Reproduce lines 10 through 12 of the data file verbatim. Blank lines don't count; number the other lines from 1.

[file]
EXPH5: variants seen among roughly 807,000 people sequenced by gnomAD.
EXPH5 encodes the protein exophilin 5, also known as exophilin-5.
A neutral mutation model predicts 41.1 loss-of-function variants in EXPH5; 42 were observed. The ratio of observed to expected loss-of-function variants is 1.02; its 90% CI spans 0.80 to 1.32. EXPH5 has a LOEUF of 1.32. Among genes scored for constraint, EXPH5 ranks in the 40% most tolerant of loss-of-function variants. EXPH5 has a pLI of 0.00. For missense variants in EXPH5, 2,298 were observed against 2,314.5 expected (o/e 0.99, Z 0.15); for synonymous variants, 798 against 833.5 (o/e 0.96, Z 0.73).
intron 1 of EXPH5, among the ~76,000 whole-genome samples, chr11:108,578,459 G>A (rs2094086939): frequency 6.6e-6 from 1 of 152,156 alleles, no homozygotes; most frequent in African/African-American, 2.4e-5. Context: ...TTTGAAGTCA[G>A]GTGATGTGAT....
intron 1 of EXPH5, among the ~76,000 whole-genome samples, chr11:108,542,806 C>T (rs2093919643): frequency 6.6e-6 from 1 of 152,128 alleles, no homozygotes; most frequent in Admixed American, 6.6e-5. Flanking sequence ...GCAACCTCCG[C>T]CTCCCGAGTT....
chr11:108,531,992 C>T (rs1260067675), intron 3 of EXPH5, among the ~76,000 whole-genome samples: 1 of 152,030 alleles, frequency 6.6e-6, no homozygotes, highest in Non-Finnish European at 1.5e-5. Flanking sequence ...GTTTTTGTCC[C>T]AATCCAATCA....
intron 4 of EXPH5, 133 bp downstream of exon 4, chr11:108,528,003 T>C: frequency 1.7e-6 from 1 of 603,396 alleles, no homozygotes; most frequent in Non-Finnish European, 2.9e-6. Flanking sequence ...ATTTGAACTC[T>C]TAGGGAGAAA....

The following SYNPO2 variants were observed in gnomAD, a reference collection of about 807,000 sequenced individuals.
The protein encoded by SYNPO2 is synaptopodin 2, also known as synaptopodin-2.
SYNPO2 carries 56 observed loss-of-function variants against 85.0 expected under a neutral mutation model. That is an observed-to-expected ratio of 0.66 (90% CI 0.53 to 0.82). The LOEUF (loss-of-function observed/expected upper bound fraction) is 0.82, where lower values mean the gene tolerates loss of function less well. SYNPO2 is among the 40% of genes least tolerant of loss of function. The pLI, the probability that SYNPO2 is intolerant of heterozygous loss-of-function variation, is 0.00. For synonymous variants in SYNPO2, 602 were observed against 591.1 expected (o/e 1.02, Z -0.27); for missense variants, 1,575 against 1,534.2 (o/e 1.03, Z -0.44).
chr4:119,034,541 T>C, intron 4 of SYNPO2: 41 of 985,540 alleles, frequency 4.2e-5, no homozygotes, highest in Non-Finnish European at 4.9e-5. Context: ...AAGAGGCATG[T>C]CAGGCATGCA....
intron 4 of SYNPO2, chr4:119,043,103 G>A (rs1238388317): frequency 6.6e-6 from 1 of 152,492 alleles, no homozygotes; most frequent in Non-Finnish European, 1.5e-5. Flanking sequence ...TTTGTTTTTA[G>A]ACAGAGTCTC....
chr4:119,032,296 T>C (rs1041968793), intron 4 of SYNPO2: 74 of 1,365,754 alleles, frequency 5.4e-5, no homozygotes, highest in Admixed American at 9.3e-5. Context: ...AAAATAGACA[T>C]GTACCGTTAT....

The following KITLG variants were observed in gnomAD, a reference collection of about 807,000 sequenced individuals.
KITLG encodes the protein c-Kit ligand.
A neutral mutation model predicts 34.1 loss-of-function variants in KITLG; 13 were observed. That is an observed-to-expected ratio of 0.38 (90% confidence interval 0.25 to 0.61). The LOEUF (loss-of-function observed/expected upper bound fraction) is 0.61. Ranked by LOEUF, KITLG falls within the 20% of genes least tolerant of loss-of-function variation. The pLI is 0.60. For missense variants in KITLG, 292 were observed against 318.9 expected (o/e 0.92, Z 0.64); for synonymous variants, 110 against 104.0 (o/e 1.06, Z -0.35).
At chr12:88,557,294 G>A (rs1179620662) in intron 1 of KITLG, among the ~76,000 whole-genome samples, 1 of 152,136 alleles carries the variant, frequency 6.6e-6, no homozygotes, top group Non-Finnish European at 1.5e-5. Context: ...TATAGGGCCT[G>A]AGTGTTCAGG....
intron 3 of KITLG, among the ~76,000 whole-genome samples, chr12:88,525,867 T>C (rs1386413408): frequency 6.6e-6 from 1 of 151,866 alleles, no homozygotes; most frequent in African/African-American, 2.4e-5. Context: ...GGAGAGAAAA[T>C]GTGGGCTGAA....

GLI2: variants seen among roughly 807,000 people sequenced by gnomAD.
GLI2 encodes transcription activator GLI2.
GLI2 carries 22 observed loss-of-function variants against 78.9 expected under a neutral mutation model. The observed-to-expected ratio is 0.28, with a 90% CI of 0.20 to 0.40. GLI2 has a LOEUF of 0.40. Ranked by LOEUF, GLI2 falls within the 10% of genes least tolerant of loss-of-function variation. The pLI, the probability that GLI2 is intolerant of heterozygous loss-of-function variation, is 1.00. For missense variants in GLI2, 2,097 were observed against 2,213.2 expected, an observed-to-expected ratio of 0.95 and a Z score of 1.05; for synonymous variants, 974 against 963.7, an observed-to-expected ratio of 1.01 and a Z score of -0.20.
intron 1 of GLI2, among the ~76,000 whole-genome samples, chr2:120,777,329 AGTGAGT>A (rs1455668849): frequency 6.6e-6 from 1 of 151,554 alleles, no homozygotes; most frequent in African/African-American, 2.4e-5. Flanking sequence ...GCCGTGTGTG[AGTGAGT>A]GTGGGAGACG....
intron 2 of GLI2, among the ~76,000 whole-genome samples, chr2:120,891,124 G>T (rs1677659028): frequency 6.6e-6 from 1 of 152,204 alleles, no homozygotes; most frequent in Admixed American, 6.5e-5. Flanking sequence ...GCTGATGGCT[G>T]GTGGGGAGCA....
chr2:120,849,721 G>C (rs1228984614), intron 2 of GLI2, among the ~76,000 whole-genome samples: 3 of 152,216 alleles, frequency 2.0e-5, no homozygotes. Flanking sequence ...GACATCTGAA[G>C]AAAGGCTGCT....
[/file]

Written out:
SYNPO2 carries 56 observed loss-of-function variants against 85.0 expected under a neutral mutation model. That is an observed-to-expected ratio of 0.66 (90% CI 0.53 to 0.82). The LOEUF (loss-of-function observed/expected upper bound fraction) is 0.82, where lower values mean the gene tolerates loss of function less well. SYNPO2 is among the 40% of genes least tolerant of loss of function. The pLI, the probability that SYNPO2 is intolerant of heterozygous loss-of-function variation, is 0.00. For synonymous variants in SYNPO2, 602 were observed against 591.1 expected (o/e 1.02, Z -0.27); for missense variants, 1,575 against 1,534.2 (o/e 1.03, Z -0.44).
chr4:119,034,541 T>C, intron 4 of SYNPO2: 41 of 985,540 alleles, frequency 4.2e-5, no homozygotes, highest in Non-Finnish European at 4.9e-5. Context: ...AAGAGGCATG[T>C]CAGGCATGCA....
intron 4 of SYNPO2, chr4:119,043,103 G>A (rs1238388317): frequency 6.6e-6 from 1 of 152,492 alleles, no homozygotes; most frequent in Non-Finnish European, 1.5e-5. Flanking sequence ...TTTGTTTTTA[G>A]ACAGAGTCTC....